More Habits for Your Stupid Days

October 14, 2008

Continuing on about the table saw and the habits you should have in place for your stupid days in the shop.

My rule of thumb on the saw is to use a push stick for ripping if my fist cannot fit between the fence and the blade. This minimum width forces me, even on one of my stupid days, to go find a push stick. Now I know you’ve ripped small pieces, as have I. But why risk it? It’s so easy to grab a push stick instead of hugging the fence with your claw of a hand. You know the risk. Just put this habit in place.

Also always make sure you have push sticks, within reach, on the saw. So if in the middle of a cut that you have started and then in a flash of realization say, I am an idiot!, you can stop the cut, DO NOT MOVE THE BOARD, and reach over to grab a push stick and then use it to finish the cut.

When feeding stock through on a rip cut, stand just to the left of the blade so any debris flies by your head and not into it. Push with your hands down and into the fence. This position lets you see what’s going on more easily than hiding on the other side of the fence. You won’t know when your workpiece might come off the fence and into the back half of the blade.

Make sure you always push your lumber completely through the cut as well. The habit you should have is to push the board past the blade and off the table insert. Yes, I know this is much farther than you need. But as a habit that you put in place, it will save you from a moment’s laziness and catching the back half of that saw blade. Touching that part of the blade is always risky. Move all the way off the insert each time and you’re safe.

Have some kind of a run-off table in place. It can be as simple as a garbage can with a piece of plywood on top of it. But as long as it supports your board on the outfeed side of the cut, it works. It prevents you from reaching around in the middle of a cut and trying to hang on with your left hand. Never do this.

Don’t be lazy and crosscut freehand on the table saw. You might push a sawn board into the blade and it could come flying back at you. The same is true with crosscutting with a miter gauge and the fence or trying to crosscut a narrow piece against the fence. Don’t. It’s too easy to catch the back half of the blade. Any time you or your work comes into contact with the back half of the blade, very bad things happen on the table saw.

You are of course always wearing safety glasses at the saw. You cannot blink fast enough to keep a piece of debris out of your eye. Habits, develop habits.

When clamping things to your crosscut sled or miter gauge, make sure the clamp handle is out of the line of the cut. Oh, do not snicker. I have had two students run cold hard steel through a saw blade and then look up, with innocence dripping off their faces, saying “What?”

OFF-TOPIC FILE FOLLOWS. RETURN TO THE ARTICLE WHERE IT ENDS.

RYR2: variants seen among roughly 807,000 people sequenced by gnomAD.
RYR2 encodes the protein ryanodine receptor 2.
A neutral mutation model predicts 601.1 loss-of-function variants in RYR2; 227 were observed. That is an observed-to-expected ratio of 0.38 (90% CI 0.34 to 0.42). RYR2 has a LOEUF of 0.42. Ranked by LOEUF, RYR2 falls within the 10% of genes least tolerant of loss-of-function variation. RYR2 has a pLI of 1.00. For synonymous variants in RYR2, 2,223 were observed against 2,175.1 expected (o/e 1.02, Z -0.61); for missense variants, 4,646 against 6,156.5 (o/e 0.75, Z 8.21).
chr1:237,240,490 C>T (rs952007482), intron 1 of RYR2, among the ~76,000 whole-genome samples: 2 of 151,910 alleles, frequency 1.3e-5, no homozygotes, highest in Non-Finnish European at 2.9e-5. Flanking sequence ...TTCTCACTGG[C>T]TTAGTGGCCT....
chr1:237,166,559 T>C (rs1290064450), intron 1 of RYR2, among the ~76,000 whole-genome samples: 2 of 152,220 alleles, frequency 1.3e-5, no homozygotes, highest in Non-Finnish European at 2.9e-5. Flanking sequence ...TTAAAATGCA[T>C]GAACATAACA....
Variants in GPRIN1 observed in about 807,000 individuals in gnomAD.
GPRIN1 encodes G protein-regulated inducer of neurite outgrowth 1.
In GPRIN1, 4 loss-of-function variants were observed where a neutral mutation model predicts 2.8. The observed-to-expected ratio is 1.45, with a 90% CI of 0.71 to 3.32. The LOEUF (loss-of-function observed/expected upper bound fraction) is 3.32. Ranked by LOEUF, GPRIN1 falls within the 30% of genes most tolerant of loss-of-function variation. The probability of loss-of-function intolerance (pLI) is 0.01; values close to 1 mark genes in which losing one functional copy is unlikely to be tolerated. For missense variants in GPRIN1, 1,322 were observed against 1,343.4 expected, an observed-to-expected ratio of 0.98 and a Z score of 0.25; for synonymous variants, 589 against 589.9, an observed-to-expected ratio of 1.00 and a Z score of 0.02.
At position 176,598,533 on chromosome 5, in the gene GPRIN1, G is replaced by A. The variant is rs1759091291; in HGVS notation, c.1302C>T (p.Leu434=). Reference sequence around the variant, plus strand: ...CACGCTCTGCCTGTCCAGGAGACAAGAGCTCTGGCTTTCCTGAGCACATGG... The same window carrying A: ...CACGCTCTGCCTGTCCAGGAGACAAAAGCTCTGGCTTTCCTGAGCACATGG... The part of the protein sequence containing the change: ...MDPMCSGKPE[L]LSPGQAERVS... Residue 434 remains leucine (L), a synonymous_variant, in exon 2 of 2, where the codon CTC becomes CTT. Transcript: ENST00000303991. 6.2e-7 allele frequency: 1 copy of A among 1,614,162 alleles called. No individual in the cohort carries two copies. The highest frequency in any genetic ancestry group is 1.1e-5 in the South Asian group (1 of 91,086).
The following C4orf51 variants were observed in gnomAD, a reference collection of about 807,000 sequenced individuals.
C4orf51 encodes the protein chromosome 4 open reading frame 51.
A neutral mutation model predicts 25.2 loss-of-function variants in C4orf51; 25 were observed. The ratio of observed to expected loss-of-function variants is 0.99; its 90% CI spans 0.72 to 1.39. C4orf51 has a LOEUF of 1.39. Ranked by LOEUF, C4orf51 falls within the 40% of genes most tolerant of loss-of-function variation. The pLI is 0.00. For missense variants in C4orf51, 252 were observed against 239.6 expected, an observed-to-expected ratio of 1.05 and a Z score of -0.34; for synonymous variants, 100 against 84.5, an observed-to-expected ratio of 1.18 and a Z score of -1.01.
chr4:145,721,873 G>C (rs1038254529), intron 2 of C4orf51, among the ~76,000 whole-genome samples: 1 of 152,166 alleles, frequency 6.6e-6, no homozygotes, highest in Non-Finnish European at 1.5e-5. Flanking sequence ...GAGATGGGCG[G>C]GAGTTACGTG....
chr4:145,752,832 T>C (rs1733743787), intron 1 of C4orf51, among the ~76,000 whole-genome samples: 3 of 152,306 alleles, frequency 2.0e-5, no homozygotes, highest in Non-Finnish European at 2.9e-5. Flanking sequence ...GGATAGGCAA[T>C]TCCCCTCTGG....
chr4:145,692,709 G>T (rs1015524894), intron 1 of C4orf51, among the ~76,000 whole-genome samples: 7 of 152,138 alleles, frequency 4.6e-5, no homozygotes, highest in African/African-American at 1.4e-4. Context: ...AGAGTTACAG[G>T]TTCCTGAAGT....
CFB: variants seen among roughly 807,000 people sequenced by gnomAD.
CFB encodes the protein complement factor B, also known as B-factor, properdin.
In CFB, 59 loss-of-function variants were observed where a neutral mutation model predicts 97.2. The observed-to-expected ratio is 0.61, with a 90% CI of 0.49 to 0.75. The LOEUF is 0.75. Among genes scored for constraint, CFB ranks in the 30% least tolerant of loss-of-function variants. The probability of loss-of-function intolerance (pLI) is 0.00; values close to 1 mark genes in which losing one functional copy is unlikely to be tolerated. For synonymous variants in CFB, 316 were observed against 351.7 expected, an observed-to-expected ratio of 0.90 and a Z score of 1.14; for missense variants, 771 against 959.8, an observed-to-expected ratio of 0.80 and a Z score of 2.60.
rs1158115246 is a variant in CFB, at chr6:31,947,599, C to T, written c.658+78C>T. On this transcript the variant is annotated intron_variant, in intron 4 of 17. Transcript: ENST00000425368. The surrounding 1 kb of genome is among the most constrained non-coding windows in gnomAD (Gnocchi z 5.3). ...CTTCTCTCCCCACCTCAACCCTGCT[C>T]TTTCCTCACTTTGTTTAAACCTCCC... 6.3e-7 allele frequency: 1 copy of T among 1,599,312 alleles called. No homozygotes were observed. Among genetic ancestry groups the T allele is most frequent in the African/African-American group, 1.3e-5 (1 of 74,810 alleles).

The jointer is another tool that is relentless in its cutting. If your stock is too thin or too narrow use a push stick. After tickling the jointer knives once long ago, I made about 4 push sticks that always live by my jointer. If your hand touches the blade guard in a cut, back off and grab a push stick. On very thin stock, take light passes and never use your thumb to push the stock through. It could end up much shorter. Use a push stick.

Do not think that only power tools can hurt you either. Your chisels, sharp or dull, can nick you pretty good. One simple habit, okay two habits to keep in mind. Clamp your work down so you can work with both hands on the tool. Then keep both hands behind the business end. This way you cannot get hurt. Get in front of the chisel and all bets on your safety are off.

If you keep these habits in place and develop your own for there are many more you could use, then on those days when you’re the least vigilant, on those days when you’re sleepy or distracted or just not yourself, on those days, you will be protected.

Gary Rogowski is the Director of The Northwest Woodworking Studio. Visit us at www.northwestwoodworking.com.

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Published in: on October 14, 2008 at 9:37 am  Comments (1)  

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One CommentLeave a comment

  1. Thanks for the “stupid days” series of advice. Coming from a construction industry background, safety is sometimes looked at as a nuisance and time consuming. A trip to the hospital, nub in hand, is the real nuisance!
    Hope to see you in the next few months for one of your workshops.

    Take care,
    Neil Broere
    The Silent Woods Project


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